Pediatrician Perspective Part 2: should I vaccinate my child?

Last week we shared part 1 of our conversation with Pediatrician and Medical Director at AllWays Health Partners, Dr. Lisa M. Scarfo, MD. Continue reading for part 2 of the interview to learn what Lisa had to say about vaccinating adolescents that have already been exposed, exposure during the summertime, and the research on vaccinating kids ages 12-17.

Q: My child already had COVID-19, and they had no symptoms. Should I still get my child vaccinated?

A: The CDC recommends anyone who has had COVID-19 to get the vaccine. We're not exactly sure how long COVID-19 infection will confirm immunity, and the vaccine could also boost their immune response. That's why it is crucial for everyone, including those who've already had COVID-19, to get vaccinated.

Q: With summer starting, I'm less concerned with my child getting COVID-19 because they aren't in school. Is there any reason I shouldn't wait until the fall to vaccinate my child?

A: You shouldn’t wait. Get your child vaccinated. Even with school not in session, many summer activities may require a COVID-19 vaccine for kids to participate. I wouldn't want a child to miss out on day camp or sporting events because they didn't get vaccinated. Getting kids back into their regular flow of being with their friends—safely—depends on getting everyone vaccinated. We've already seen great success, with fewer and fewer cases every week, in large part due to the number of vaccinated individuals.

Q: I'm hesitant about the safety and efficacy of the vaccine on children. Has there been enough research on adolescents ages 12-17?

A: As a parent, I certainly understand the hesitancy. My children are older now, but I vividly remember concern around the chickenpox vaccine when they were younger. There was a lot of controversy around it, and I remember thinking, what's so bad about the chickenpox? I've had chickenpox, and it's wasn't a big deal. But then, I took care of a family who lost a child from a bacterial infection that happened in the setting of a chickenpox infection. So, it struck me that this was possibly preventable. So now I think of that family every time there's a new vaccine and people wonder why should I do this? When you see one person lose a family member, it puts everything into perspective; this could have possibly been prevented.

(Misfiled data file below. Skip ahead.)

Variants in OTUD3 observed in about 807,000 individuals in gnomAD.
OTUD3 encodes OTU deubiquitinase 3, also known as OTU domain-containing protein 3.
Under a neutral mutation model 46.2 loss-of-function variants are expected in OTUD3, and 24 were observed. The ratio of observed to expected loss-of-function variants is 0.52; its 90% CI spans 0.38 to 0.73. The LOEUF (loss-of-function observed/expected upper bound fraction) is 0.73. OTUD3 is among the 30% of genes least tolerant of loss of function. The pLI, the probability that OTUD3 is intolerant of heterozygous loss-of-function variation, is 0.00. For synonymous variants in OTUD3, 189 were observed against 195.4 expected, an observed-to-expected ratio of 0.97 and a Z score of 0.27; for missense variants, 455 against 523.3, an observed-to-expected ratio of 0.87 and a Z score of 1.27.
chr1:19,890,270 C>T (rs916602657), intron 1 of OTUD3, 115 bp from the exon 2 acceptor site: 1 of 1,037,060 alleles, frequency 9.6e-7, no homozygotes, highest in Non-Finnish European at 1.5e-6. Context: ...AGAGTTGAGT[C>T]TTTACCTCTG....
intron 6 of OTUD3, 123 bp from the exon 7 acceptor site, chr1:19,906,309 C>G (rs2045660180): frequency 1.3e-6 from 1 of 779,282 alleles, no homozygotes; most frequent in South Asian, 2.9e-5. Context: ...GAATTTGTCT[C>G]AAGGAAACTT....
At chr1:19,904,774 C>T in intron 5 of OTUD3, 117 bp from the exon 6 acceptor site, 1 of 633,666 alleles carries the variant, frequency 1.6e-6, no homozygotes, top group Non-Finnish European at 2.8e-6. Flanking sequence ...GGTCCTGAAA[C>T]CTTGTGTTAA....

We know that hundreds of thousands of people, including children, have died of COVID-19. I understand most of the kids that get COVID-19 do fine and recover, but that's not the case for everybody. Vaccinating as many children that can be vaccinated can help those kids who cannot be vaccinated due to underlying conditions by reducing the spread of infection. I understand the hesitation and concern, but the FDA would not approve the vaccines if any data indicated a safety issue. They don't make these decisions lightly, so I would continue to encourage you to vaccinate your children. I can’t echo this enough, but if you have any concerns, discuss them with your trusted pediatric provider.

These vaccinations are endorsed by the American Academy of Pediatrics, which represents over 65,000 pediatric providers across the nation. They work closely with the American College of Immunization Practices, whose mission is to advocate for the health and well-being of children. The more kids that get vaccinated, the safer it will be for everybody. I firmly believe that. I'm grateful the cases continue to drop, and I'm hopeful there will be a light at the end of the tunnel.

Disclaimer: The content in this blog post represents the clinical opinions of the providers at AllWays Health Partners and is based on the most currently available clinical and governmental guidance on COVID-19.

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